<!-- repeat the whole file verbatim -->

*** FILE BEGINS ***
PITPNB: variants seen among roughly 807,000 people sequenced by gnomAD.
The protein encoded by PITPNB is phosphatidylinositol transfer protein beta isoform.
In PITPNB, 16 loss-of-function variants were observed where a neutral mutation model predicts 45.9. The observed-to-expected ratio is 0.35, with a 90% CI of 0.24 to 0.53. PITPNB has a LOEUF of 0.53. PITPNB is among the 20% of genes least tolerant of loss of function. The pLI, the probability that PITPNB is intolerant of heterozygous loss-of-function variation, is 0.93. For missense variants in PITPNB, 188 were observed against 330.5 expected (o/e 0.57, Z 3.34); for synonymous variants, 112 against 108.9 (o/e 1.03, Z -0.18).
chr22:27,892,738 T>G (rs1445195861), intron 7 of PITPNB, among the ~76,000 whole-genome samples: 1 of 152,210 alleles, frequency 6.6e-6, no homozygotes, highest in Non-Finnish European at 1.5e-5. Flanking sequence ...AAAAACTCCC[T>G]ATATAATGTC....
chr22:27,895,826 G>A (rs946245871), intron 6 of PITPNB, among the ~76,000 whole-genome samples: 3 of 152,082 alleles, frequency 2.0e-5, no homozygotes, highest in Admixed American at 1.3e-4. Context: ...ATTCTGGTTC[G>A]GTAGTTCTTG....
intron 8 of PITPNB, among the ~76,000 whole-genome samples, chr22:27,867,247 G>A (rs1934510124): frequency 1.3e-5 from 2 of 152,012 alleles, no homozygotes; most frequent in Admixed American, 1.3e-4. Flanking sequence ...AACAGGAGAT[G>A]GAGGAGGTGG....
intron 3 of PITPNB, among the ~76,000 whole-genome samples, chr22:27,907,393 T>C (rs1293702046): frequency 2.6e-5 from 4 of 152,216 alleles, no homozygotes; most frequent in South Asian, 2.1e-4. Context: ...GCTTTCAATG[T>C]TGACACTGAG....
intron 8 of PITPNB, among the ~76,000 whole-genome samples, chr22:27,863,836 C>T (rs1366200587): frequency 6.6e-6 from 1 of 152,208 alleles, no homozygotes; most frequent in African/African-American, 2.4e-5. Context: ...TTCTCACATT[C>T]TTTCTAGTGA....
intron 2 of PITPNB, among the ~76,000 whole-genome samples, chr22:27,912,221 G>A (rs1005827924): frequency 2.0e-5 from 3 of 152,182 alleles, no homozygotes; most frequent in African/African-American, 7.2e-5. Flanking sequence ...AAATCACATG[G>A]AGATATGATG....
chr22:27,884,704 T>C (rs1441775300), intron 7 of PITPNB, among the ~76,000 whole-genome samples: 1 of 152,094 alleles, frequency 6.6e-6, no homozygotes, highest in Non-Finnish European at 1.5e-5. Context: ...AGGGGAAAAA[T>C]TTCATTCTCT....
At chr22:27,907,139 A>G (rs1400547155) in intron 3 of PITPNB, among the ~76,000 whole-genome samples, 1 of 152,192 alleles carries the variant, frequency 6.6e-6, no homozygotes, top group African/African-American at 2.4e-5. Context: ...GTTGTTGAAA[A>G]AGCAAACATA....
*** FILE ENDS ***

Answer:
PITPNB: variants seen among roughly 807,000 people sequenced by gnomAD.
The protein encoded by PITPNB is phosphatidylinositol transfer protein beta isoform.
In PITPNB, 16 loss-of-function variants were observed where a neutral mutation model predicts 45.9. The observed-to-expected ratio is 0.35, with a 90% CI of 0.24 to 0.53. PITPNB has a LOEUF of 0.53. PITPNB is among the 20% of genes least tolerant of loss of function. The pLI, the probability that PITPNB is intolerant of heterozygous loss-of-function variation, is 0.93. For missense variants in PITPNB, 188 were observed against 330.5 expected (o/e 0.57, Z 3.34); for synonymous variants, 112 against 108.9 (o/e 1.03, Z -0.18).
chr22:27,892,738 T>G (rs1445195861), intron 7 of PITPNB, among the ~76,000 whole-genome samples: 1 of 152,210 alleles, frequency 6.6e-6, no homozygotes, highest in Non-Finnish European at 1.5e-5. Flanking sequence ...AAAAACTCCC[T>G]ATATAATGTC....
chr22:27,895,826 G>A (rs946245871), intron 6 of PITPNB, among the ~76,000 whole-genome samples: 3 of 152,082 alleles, frequency 2.0e-5, no homozygotes, highest in Admixed American at 1.3e-4. Context: ...ATTCTGGTTC[G>A]GTAGTTCTTG....
intron 8 of PITPNB, among the ~76,000 whole-genome samples, chr22:27,867,247 G>A (rs1934510124): frequency 1.3e-5 from 2 of 152,012 alleles, no homozygotes; most frequent in Admixed American, 1.3e-4. Flanking sequence ...AACAGGAGAT[G>A]GAGGAGGTGG....
intron 3 of PITPNB, among the ~76,000 whole-genome samples, chr22:27,907,393 T>C (rs1293702046): frequency 2.6e-5 from 4 of 152,216 alleles, no homozygotes; most frequent in South Asian, 2.1e-4. Context: ...GCTTTCAATG[T>C]TGACACTGAG....
intron 8 of PITPNB, among the ~76,000 whole-genome samples, chr22:27,863,836 C>T (rs1366200587): frequency 6.6e-6 from 1 of 152,208 alleles, no homozygotes; most frequent in African/African-American, 2.4e-5. Context: ...TTCTCACATT[C>T]TTTCTAGTGA....
intron 2 of PITPNB, among the ~76,000 whole-genome samples, chr22:27,912,221 G>A (rs1005827924): frequency 2.0e-5 from 3 of 152,182 alleles, no homozygotes; most frequent in African/African-American, 7.2e-5. Flanking sequence ...AAATCACATG[G>A]AGATATGATG....
chr22:27,884,704 T>C (rs1441775300), intron 7 of PITPNB, among the ~76,000 whole-genome samples: 1 of 152,094 alleles, frequency 6.6e-6, no homozygotes, highest in Non-Finnish European at 1.5e-5. Context: ...AGGGGAAAAA[T>C]TTCATTCTCT....
At chr22:27,907,139 A>G (rs1400547155) in intron 3 of PITPNB, among the ~76,000 whole-genome samples, 1 of 152,192 alleles carries the variant, frequency 6.6e-6, no homozygotes, top group African/African-American at 2.4e-5. Context: ...GTTGTTGAAA[A>G]AGCAAACATA....